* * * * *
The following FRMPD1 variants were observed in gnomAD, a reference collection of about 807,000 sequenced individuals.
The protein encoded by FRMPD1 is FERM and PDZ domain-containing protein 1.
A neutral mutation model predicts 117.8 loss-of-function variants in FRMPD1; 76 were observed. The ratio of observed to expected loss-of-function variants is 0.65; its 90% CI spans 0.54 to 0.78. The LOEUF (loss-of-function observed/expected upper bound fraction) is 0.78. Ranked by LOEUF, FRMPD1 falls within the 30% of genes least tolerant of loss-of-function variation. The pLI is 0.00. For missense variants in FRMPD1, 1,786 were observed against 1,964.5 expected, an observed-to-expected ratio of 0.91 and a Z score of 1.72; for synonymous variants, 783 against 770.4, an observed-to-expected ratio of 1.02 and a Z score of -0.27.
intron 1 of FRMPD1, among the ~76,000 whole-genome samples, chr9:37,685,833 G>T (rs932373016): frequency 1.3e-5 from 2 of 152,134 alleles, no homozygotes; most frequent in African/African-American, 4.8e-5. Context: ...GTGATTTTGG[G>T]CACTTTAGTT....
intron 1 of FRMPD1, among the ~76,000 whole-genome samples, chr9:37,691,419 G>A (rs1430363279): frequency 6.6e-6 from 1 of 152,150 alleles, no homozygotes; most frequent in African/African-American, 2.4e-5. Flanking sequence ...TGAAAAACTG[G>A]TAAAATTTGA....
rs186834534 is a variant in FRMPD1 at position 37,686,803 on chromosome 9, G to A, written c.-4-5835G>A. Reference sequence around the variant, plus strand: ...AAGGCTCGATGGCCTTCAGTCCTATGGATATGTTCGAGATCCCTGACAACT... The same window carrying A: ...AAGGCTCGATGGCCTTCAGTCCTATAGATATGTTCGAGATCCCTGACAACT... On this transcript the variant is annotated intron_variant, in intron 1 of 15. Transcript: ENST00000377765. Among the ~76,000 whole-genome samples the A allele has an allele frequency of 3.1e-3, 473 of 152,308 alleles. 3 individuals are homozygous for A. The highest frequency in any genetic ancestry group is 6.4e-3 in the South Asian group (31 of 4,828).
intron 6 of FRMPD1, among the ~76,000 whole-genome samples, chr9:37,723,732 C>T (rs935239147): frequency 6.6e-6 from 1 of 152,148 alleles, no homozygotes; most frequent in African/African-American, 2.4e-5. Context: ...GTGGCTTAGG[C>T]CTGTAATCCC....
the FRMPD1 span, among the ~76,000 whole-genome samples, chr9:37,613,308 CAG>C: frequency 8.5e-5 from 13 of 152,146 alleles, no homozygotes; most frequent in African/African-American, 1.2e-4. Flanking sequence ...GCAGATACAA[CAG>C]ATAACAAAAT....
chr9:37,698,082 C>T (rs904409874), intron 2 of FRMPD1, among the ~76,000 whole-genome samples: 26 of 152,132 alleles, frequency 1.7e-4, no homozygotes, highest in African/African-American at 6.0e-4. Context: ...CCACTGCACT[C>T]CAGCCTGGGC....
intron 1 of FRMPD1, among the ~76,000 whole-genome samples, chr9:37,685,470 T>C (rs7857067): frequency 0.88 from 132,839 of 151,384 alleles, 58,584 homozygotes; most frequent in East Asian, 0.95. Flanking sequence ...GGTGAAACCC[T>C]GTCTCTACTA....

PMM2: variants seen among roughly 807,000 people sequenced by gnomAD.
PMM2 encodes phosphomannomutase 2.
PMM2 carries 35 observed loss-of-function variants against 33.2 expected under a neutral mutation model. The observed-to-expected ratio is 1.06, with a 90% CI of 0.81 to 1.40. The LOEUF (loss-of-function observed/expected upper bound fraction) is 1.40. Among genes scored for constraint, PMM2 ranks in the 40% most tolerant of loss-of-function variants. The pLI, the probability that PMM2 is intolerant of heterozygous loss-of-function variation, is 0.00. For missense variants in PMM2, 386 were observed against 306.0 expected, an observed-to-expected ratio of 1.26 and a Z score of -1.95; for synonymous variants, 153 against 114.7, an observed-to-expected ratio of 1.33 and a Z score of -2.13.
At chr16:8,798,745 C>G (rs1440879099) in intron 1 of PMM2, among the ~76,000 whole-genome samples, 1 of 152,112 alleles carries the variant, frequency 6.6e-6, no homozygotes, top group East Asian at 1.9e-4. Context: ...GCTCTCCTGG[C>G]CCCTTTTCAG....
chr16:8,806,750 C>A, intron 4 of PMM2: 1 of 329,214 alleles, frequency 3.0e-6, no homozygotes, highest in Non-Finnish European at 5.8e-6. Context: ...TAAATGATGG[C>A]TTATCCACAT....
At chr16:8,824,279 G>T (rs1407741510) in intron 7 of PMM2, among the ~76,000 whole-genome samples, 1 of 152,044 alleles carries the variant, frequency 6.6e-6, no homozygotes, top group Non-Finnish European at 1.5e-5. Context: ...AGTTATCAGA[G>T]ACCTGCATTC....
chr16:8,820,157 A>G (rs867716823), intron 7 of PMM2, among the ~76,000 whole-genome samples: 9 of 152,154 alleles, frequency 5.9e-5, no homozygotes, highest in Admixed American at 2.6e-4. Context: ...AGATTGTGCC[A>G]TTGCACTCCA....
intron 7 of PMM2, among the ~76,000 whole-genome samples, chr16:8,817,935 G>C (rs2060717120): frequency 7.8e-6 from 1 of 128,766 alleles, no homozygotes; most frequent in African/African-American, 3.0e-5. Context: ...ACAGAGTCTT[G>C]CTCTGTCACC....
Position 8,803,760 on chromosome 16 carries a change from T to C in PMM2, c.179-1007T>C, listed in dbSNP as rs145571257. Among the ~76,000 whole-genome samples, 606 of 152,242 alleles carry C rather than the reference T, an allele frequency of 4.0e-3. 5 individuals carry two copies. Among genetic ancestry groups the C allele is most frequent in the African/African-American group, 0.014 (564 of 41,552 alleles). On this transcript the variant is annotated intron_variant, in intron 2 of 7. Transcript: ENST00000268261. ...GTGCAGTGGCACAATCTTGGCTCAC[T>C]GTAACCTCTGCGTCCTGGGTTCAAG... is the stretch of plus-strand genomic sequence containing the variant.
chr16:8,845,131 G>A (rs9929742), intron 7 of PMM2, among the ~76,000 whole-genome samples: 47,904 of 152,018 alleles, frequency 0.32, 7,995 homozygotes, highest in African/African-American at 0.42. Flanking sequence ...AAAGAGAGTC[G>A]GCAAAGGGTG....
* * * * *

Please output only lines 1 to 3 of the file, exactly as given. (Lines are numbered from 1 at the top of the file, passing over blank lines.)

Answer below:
The following FRMPD1 variants were observed in gnomAD, a reference collection of about 807,000 sequenced individuals.
The protein encoded by FRMPD1 is FERM and PDZ domain-containing protein 1.
A neutral mutation model predicts 117.8 loss-of-function variants in FRMPD1; 76 were observed. The ratio of observed to expected loss-of-function variants is 0.65; its 90% CI spans 0.54 to 0.78. The LOEUF (loss-of-function observed/expected upper bound fraction) is 0.78. Ranked by LOEUF, FRMPD1 falls within the 30% of genes least tolerant of loss-of-function variation. The pLI is 0.00. For missense variants in FRMPD1, 1,786 were observed against 1,964.5 expected, an observed-to-expected ratio of 0.91 and a Z score of 1.72; for synonymous variants, 783 against 770.4, an observed-to-expected ratio of 1.02 and a Z score of -0.27.